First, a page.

Chinese car makers edging into US markets despite trade war

World Today

Chinese auto makers are revving-up production for the U.S. market. They’re moving ahead with expansion plans, despite current trade tensions.

CGTN’s Dan Williams talked with some key executives at a meeting in the capital of the U.S. auto industry: Detroit.

The Detroit Auto Show is a key platform for car manufactures to showcase their very latest vehicles.  But the event also gives an update on the overall health of the auto industry and examines future trends.

One development in recent years has been the growth of Chinese auto companies and their investment into the U.S. auto market.  That was a subject discussed at Automotive News’ World Congress.

“China is already number one in terms of production and sales of cars, globally,” says Michael Dunne, the CEO of automotive company ZoZo Go. “But most of that story, almost entirely all of that story, is situated in China. That has been the story until now. However since 2015, we’ve seen tremendous investment globally by Chinese companies including here in the United States. That is a real major change in the global auto industry.”

Chinese Auto Maker GAC made a real statement of intent at the 2019 Auto Show, launching a new concept electric vehicle.  Although GAC was the only Chinese exhibitor there, that could change in the future.

Jack Cheng is the co-founder of the China-based electric vehicle company, NIO. He’s also CEO of the company’s powertrain division, XPT. The company is already outselling Tesla in China and is now looking to expand.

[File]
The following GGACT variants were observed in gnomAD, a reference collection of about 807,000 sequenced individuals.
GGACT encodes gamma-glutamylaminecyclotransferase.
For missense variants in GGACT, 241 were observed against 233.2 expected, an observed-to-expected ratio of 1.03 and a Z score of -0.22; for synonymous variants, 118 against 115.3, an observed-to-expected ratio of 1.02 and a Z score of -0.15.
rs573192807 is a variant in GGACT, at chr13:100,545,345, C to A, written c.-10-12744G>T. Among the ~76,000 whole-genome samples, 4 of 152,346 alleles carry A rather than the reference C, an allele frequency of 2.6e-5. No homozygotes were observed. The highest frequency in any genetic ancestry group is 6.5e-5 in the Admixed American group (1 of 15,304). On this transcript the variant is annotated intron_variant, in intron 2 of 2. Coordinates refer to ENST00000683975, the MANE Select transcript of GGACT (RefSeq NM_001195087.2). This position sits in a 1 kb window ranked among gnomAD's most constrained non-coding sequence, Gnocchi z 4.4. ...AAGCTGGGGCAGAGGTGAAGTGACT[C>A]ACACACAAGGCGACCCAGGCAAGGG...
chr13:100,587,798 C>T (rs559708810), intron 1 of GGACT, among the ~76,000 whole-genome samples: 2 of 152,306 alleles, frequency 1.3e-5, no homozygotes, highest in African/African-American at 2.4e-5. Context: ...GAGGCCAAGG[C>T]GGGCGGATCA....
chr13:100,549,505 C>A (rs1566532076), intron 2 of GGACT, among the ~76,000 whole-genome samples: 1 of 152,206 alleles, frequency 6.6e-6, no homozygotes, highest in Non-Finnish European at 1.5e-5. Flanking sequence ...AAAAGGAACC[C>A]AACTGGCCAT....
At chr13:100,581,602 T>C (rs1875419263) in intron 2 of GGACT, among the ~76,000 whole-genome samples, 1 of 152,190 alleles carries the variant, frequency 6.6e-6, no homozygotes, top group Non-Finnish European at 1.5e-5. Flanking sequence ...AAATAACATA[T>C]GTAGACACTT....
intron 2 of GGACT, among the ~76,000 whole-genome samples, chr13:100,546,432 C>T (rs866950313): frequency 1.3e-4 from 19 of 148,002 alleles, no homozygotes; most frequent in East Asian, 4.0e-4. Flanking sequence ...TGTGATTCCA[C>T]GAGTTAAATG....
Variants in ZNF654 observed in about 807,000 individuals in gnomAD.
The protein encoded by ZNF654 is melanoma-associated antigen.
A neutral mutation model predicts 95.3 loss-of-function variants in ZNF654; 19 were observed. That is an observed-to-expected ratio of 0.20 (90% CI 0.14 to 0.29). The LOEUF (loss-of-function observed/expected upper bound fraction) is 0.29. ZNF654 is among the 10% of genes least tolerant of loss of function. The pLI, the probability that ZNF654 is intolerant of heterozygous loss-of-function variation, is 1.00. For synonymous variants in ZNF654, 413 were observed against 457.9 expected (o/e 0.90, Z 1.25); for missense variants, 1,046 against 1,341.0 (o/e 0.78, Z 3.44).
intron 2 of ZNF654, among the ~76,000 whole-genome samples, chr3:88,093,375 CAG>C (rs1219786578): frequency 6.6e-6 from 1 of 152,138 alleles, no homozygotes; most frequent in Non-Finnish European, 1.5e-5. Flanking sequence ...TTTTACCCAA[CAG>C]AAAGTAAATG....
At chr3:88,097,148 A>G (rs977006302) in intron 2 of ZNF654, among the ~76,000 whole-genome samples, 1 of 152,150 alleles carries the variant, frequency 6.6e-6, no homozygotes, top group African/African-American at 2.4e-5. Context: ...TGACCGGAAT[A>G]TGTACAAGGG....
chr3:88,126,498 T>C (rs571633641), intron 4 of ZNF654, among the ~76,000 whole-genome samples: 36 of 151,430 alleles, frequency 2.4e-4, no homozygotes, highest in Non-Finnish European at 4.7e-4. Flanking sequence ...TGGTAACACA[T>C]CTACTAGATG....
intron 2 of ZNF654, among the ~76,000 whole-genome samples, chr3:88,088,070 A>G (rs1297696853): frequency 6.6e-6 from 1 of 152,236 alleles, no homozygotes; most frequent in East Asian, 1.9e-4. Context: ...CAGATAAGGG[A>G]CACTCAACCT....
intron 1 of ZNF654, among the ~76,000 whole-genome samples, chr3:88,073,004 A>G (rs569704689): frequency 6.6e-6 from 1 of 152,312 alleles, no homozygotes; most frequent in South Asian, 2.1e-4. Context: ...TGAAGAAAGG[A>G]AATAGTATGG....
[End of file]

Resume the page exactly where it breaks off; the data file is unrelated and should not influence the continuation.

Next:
“The first vehicle to market to the European standard already so we will be able to take a step into Europe,” says Cheng. “Then we can begin moving into the U.S.  because it is a more critical market. So I think we will take about two years or three to move forwards.”

One Chinese owned company that is following a different path is Karma Automotive. They decided to base the production facility for their high-end EV cars in California.

“We are focused on the North America market first–we are not focused on the China market,” says Karma CEO Lance Zhou. “We can challenge the previous makers of luxury cars like Aston Martin and McLaren so that is our target market. We say we’ll win because we are more agile. We can get more of the latest technology because we are located in southern California.”

One subject that continues to dominate the discussion is the issue of tariffs and the ongoing trade dispute between the U.S. and China. The auto industry as a whole is monitoring developments closely.

David Wang is the regional Deputy General Manager of Yanfeng Automotive Design, a company that employs 12,000 people in North America. 

“We have a lot of communication with our OEMs, with our customers about how they want to deal with this challenge, to find a common plan to minimize this risk,” Wang says. “As a China company, if we want to survive, we will have to deal with all of this kind of a challenge.”

Tariffs aside, the auto industry is set for significant change.  Electrified and autonomous vehicles promise to revolutionize the sector.  A number of Chinese companies hope to play a major role in that process.